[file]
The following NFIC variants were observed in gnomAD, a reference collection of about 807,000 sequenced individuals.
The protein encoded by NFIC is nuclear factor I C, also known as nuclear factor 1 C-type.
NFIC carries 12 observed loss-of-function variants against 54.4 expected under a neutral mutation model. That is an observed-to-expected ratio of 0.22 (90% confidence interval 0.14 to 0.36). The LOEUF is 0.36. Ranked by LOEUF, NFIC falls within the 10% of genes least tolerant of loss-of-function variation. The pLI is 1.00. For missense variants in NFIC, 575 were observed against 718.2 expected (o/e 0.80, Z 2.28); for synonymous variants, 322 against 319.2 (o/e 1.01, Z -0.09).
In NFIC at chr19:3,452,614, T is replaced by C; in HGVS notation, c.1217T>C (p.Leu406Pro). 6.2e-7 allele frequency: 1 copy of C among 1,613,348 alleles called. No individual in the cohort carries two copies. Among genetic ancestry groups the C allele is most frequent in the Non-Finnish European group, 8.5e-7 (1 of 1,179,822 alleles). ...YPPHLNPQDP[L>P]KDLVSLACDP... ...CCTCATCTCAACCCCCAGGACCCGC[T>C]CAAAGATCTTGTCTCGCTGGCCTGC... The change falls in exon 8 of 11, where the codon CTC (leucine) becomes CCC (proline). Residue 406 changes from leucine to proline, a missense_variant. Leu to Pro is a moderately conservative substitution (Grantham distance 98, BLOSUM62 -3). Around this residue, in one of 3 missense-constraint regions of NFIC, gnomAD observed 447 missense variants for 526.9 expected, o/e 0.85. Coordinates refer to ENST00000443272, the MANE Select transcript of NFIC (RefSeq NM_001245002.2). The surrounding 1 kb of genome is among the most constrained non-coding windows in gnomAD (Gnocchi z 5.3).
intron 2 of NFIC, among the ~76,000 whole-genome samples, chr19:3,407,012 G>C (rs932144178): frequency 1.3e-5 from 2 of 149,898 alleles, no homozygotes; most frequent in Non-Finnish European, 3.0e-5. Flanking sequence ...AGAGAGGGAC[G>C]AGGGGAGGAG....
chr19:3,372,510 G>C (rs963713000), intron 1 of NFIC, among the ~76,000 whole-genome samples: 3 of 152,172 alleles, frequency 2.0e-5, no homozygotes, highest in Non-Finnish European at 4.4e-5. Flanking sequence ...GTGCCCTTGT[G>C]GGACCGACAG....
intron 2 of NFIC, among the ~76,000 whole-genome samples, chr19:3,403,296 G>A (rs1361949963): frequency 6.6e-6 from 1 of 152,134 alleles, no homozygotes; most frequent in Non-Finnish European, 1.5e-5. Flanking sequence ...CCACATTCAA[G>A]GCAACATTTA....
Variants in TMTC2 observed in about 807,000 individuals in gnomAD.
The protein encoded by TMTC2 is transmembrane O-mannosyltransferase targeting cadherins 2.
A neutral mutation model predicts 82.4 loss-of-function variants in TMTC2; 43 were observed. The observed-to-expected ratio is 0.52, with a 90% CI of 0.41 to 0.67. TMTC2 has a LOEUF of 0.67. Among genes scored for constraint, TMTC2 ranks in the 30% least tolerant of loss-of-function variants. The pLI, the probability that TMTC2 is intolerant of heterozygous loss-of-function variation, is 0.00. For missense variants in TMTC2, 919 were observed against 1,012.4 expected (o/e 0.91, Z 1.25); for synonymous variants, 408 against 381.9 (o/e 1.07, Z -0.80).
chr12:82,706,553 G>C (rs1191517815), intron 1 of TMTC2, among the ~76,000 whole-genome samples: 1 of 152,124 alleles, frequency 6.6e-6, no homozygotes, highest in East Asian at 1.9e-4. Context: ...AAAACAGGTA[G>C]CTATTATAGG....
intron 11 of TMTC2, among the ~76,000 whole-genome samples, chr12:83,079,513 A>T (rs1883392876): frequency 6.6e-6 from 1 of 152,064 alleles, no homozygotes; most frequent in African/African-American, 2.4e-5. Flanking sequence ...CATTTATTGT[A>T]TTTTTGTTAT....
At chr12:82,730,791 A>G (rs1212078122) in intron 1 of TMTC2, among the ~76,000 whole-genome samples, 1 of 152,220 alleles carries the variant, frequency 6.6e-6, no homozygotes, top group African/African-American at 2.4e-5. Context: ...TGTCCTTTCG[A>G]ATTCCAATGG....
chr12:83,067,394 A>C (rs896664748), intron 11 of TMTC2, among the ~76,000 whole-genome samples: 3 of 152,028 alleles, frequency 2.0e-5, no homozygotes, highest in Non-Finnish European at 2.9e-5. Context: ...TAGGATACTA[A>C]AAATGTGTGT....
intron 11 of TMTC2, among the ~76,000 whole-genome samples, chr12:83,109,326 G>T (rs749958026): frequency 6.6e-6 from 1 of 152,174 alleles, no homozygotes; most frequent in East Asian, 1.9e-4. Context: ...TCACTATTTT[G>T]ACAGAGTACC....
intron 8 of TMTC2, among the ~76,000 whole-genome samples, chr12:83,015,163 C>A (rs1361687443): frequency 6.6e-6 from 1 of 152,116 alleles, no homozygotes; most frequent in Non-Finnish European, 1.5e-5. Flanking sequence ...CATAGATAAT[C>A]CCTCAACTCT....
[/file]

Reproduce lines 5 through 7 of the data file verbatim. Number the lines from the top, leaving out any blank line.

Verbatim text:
intron 2 of NFIC, among the ~76,000 whole-genome samples, chr19:3,407,012 G>C (rs932144178): frequency 1.3e-5 from 2 of 149,898 alleles, no homozygotes; most frequent in Non-Finnish European, 3.0e-5. Flanking sequence ...AGAGAGGGAC[G>C]AGGGGAGGAG....
chr19:3,372,510 G>C (rs963713000), intron 1 of NFIC, among the ~76,000 whole-genome samples: 3 of 152,172 alleles, frequency 2.0e-5, no homozygotes, highest in Non-Finnish European at 4.4e-5. Flanking sequence ...GTGCCCTTGT[G>C]GGACCGACAG....
intron 2 of NFIC, among the ~76,000 whole-genome samples, chr19:3,403,296 G>A (rs1361949963): frequency 6.6e-6 from 1 of 152,134 alleles, no homozygotes; most frequent in Non-Finnish European, 1.5e-5. Flanking sequence ...CCACATTCAA[G>A]GCAACATTTA....